Deborah SiegelDeborah Siegel is the author of two books and a pair of boy/girl twins, and the founder of the public voice consultancy, Girl Meets Voice Inc. She’s also co-founder of SheWrites.com, Senior Facilitator with The OpEd Project, and creator of the Girl w/Pen blog. A Visiting Scholar in Gender and Sexuality Studies at Northwestern University and a lover of all things lake, she’s an ex-New Yorker who bailed on academia but never fully left. Her writing has appeared in venues including The Washington Post, The Guardian, CNN.com, The Forward, Kveller, Slate, The Huffington Post, The American Prospect, Ms., More, and Psychology Today, and she’s been featured on The Today Show, at TEDx, and in the New York Times. Deborah is currently obsessed with a multimedia experiment in thinking out loud, and in community, about gender and early childhood. Learn more at http://www.deborahsiegelphd.com.

Crystal Lynette

crystal lynetteCrystal Lynnette is a lifelong, deep dish-eating, Cubs-loving, no ketchup on hotdogs-having Chicagoan. She is new to storytelling in front of adults, but spends most of her days telling stories to 9 and 10-year-olds as a 3rd and 4th grade teacher. During her free time she is training for a marathon, doing yoga, or watching reruns of The Office, and eating an embarrassing amount of Taco Bell (it is called balance).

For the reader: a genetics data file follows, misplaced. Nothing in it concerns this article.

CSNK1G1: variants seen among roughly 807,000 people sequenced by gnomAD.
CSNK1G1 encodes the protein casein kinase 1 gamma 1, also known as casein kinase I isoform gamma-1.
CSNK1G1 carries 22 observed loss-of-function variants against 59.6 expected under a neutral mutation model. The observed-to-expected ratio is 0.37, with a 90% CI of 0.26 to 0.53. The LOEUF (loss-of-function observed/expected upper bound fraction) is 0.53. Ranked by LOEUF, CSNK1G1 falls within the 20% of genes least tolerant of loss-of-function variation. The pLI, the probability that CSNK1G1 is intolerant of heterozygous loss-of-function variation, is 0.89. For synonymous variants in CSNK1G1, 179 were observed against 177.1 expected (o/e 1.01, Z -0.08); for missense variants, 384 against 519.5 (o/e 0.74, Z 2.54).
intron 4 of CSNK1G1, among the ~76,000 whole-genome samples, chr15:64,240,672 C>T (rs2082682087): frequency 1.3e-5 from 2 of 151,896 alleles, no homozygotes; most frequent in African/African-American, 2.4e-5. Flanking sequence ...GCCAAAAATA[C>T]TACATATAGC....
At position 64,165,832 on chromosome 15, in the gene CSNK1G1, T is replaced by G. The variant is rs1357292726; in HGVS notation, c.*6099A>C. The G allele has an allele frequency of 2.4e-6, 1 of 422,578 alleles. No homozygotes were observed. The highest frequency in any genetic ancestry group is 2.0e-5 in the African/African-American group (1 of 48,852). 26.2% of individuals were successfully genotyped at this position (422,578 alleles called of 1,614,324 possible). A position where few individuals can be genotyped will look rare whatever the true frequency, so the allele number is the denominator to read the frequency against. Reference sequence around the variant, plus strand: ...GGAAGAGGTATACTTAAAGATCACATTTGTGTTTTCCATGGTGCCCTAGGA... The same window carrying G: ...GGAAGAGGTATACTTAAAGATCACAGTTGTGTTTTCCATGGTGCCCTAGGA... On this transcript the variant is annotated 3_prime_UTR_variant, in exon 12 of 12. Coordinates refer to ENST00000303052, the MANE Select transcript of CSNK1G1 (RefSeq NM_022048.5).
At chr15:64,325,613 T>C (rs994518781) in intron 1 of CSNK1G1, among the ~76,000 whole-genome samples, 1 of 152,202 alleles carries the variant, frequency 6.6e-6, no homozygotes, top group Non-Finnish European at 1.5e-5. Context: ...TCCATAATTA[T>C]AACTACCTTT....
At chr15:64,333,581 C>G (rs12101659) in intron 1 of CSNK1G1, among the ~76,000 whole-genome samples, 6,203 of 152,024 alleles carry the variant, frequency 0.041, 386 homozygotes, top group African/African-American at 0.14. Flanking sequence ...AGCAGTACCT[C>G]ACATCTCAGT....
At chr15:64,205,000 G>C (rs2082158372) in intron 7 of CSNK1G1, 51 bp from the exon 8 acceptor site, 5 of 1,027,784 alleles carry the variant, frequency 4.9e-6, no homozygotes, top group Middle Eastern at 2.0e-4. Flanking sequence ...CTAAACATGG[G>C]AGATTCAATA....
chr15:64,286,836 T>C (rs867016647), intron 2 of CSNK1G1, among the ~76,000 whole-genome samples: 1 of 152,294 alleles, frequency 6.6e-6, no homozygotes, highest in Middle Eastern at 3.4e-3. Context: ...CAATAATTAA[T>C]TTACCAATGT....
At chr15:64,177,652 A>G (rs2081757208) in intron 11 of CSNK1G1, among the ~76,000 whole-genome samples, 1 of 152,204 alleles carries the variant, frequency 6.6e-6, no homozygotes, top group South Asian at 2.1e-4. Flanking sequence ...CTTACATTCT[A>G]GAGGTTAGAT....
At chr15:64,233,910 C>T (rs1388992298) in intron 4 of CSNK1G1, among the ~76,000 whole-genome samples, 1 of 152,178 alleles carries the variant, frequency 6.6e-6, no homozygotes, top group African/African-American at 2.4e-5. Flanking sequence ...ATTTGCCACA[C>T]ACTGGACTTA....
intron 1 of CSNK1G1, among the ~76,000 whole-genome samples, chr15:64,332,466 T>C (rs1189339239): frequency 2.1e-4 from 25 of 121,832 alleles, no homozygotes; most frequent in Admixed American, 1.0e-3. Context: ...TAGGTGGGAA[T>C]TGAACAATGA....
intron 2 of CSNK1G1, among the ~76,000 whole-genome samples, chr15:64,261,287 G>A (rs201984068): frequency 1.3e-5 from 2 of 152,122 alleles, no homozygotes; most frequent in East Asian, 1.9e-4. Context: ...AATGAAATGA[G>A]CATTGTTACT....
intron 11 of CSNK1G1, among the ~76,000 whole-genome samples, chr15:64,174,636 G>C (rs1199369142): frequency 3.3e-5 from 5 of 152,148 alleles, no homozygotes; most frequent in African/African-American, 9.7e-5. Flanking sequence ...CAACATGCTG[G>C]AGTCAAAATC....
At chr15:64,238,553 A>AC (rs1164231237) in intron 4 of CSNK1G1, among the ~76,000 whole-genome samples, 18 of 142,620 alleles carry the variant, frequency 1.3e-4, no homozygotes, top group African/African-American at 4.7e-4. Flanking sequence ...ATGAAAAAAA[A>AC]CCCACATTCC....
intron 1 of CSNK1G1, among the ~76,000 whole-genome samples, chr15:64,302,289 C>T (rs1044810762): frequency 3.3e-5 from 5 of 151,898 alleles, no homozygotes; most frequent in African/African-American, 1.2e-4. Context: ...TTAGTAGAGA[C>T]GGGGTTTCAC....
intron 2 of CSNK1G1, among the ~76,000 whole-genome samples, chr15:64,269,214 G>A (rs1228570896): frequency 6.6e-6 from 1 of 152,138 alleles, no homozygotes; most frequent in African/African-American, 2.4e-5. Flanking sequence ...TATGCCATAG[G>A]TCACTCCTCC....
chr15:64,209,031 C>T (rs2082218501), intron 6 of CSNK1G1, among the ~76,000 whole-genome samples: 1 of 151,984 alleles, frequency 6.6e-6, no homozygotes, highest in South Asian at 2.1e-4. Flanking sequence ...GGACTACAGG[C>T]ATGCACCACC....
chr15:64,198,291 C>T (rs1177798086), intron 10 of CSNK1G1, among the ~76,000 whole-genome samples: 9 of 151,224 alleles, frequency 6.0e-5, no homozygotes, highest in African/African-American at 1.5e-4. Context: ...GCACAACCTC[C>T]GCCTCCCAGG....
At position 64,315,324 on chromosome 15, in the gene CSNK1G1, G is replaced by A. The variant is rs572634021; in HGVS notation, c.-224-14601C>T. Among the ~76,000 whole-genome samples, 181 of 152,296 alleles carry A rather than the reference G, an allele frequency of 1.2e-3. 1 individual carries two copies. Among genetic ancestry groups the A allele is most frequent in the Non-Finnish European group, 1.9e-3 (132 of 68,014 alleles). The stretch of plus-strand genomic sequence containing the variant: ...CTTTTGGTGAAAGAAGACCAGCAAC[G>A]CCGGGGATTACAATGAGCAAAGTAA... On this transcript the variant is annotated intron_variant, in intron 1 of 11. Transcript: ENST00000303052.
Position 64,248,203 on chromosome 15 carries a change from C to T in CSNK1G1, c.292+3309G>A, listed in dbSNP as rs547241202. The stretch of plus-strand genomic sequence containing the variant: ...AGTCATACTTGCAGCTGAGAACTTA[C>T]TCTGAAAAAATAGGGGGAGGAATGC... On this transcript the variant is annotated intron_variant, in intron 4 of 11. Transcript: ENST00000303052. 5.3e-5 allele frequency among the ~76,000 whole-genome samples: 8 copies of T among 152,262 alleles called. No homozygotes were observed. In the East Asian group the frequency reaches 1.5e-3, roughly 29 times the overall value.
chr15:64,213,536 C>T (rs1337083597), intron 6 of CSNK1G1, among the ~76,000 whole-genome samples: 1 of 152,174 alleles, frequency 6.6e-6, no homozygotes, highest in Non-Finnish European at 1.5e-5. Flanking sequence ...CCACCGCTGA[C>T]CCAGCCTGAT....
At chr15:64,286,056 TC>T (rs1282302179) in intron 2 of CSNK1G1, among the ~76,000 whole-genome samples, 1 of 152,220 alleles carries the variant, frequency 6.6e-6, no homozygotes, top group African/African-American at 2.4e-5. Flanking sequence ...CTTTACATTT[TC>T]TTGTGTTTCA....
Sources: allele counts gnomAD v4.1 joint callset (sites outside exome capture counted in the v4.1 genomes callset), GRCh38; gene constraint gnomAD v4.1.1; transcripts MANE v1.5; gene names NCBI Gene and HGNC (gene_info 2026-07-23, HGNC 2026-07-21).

Twenty Seven Theme

Happy New Year! I’m pretty freaked out about our president elect, and pretty excited about our upcoming shows. We’re going to do kind of a staggered release this year (settle down, Beavis), you’ll get the rest sometime in March — something to look forward to during an interminable Midwestern winter. But yes. We’re looking for readers for everything with an asterisk, hit us up at missspokenchicago [at] gmail [dot] com if you’re interested. 

January: Heroes (BOOKED)

February: Basic*

March: Sibling Rivalry*

April: Letters*

May: Breakin’ the Law*

June: Munchies (BOOKED)

-Rose

Rites of Passage

Happy holidays! We hope you had a good Christmas, Hanukkah, Kwanzaa, or day off of work. The last Miss Spoken of 2016 is up on iTunes (and shortly, Stitcher). The theme was Rites of Passage, and featured readers included Sophie Amado, Lauren Catey, Turi Ryder, and Rachel Hyman.

2016 blew pretty hard, and 2017 is going to be even worse if we don’t do something about it. We’re committed to showing up in the coming year, whatever form that takes. As of January, that means our inaugural show. The theme is Heroes.

xoxo and RIP George Michael and Carrie Fisher (what the hell),